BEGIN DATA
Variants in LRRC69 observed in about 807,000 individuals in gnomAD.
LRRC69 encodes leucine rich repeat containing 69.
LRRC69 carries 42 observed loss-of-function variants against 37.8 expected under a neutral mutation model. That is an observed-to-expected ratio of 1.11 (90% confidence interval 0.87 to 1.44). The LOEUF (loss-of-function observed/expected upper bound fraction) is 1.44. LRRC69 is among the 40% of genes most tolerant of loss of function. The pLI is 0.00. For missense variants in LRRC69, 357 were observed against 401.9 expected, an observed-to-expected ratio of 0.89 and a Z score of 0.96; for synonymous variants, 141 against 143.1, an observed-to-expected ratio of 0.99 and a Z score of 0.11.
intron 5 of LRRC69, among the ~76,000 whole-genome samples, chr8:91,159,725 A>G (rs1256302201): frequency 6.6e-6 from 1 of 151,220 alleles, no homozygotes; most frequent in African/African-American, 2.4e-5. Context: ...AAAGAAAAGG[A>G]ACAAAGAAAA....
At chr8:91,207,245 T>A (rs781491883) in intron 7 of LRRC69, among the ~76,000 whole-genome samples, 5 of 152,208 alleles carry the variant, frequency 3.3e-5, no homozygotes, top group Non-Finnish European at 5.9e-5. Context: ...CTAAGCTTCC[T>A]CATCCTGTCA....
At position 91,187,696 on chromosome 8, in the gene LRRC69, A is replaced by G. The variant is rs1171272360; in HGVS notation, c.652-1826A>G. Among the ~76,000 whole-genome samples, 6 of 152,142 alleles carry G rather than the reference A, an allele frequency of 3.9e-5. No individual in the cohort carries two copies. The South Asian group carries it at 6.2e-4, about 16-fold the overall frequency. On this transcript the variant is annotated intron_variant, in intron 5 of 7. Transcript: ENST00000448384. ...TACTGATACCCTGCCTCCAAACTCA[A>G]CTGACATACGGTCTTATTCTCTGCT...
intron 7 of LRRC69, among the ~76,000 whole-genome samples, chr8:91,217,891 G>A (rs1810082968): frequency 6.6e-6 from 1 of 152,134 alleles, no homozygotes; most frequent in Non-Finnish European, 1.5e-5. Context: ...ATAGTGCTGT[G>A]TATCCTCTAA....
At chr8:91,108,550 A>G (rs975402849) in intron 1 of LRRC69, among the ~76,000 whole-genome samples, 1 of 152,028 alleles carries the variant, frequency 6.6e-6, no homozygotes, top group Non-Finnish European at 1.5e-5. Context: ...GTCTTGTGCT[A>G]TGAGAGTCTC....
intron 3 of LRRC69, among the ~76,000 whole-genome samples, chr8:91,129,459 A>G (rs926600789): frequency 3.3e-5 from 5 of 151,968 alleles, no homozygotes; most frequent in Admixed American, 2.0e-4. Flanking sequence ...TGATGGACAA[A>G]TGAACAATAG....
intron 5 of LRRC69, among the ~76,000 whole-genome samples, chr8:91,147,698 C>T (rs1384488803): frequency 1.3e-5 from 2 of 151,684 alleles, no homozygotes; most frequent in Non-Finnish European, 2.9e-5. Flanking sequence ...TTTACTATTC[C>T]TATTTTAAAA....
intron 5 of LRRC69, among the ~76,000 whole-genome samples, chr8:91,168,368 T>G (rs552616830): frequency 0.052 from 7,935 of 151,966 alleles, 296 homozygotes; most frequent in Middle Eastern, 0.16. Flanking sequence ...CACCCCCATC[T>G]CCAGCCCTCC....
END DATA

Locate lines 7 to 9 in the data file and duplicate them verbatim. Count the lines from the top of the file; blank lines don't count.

intron 7 of LRRC69, among the ~76,000 whole-genome samples, chr8:91,217,891 G>A (rs1810082968): frequency 6.6e-6 from 1 of 152,134 alleles, no homozygotes; most frequent in Non-Finnish European, 1.5e-5. Context: ...ATAGTGCTGT[G>A]TATCCTCTAA....
At chr8:91,108,550 A>G (rs975402849) in intron 1 of LRRC69, among the ~76,000 whole-genome samples, 1 of 152,028 alleles carries the variant, frequency 6.6e-6, no homozygotes, top group Non-Finnish European at 1.5e-5. Context: ...GTCTTGTGCT[A>G]TGAGAGTCTC....
intron 3 of LRRC69, among the ~76,000 whole-genome samples, chr8:91,129,459 A>G (rs926600789): frequency 3.3e-5 from 5 of 151,968 alleles, no homozygotes; most frequent in Admixed American, 2.0e-4. Flanking sequence ...TGATGGACAA[A>G]TGAACAATAG....